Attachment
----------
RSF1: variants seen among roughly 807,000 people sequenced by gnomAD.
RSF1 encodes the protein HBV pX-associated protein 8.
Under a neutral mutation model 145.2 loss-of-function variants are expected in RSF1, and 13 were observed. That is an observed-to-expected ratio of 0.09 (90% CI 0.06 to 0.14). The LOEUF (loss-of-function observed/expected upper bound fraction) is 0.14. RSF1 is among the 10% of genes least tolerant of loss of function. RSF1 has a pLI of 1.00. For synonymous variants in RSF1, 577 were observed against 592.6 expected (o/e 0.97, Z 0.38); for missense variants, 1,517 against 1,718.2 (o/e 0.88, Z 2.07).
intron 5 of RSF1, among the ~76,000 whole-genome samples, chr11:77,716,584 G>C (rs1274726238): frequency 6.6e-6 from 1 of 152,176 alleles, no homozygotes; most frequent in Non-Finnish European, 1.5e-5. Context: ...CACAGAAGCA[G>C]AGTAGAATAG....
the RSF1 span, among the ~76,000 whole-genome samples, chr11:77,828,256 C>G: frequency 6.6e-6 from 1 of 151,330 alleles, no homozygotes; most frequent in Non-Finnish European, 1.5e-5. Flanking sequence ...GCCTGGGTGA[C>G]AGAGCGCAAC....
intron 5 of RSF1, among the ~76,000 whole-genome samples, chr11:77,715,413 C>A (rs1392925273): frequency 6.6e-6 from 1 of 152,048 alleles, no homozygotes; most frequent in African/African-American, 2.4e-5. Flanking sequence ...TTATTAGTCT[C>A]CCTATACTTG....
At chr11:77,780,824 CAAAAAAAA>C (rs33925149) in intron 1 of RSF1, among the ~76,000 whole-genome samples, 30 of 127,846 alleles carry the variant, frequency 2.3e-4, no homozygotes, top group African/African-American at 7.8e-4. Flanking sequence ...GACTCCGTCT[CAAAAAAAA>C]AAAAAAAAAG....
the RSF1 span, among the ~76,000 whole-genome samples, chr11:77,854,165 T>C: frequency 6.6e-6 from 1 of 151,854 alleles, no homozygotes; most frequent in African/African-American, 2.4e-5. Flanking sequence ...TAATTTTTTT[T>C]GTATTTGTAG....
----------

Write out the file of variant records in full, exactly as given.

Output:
RSF1: variants seen among roughly 807,000 people sequenced by gnomAD.
RSF1 encodes the protein HBV pX-associated protein 8.
Under a neutral mutation model 145.2 loss-of-function variants are expected in RSF1, and 13 were observed. That is an observed-to-expected ratio of 0.09 (90% CI 0.06 to 0.14). The LOEUF (loss-of-function observed/expected upper bound fraction) is 0.14. RSF1 is among the 10% of genes least tolerant of loss of function. RSF1 has a pLI of 1.00. For synonymous variants in RSF1, 577 were observed against 592.6 expected (o/e 0.97, Z 0.38); for missense variants, 1,517 against 1,718.2 (o/e 0.88, Z 2.07).
intron 5 of RSF1, among the ~76,000 whole-genome samples, chr11:77,716,584 G>C (rs1274726238): frequency 6.6e-6 from 1 of 152,176 alleles, no homozygotes; most frequent in Non-Finnish European, 1.5e-5. Context: ...CACAGAAGCA[G>C]AGTAGAATAG....
the RSF1 span, among the ~76,000 whole-genome samples, chr11:77,828,256 C>G: frequency 6.6e-6 from 1 of 151,330 alleles, no homozygotes; most frequent in Non-Finnish European, 1.5e-5. Flanking sequence ...GCCTGGGTGA[C>G]AGAGCGCAAC....
intron 5 of RSF1, among the ~76,000 whole-genome samples, chr11:77,715,413 C>A (rs1392925273): frequency 6.6e-6 from 1 of 152,048 alleles, no homozygotes; most frequent in African/African-American, 2.4e-5. Flanking sequence ...TTATTAGTCT[C>A]CCTATACTTG....
At chr11:77,780,824 CAAAAAAAA>C (rs33925149) in intron 1 of RSF1, among the ~76,000 whole-genome samples, 30 of 127,846 alleles carry the variant, frequency 2.3e-4, no homozygotes, top group African/African-American at 7.8e-4. Flanking sequence ...GACTCCGTCT[CAAAAAAAA>C]AAAAAAAAAG....
the RSF1 span, among the ~76,000 whole-genome samples, chr11:77,854,165 T>C: frequency 6.6e-6 from 1 of 151,854 alleles, no homozygotes; most frequent in African/African-American, 2.4e-5. Flanking sequence ...TAATTTTTTT[T>C]GTATTTGTAG....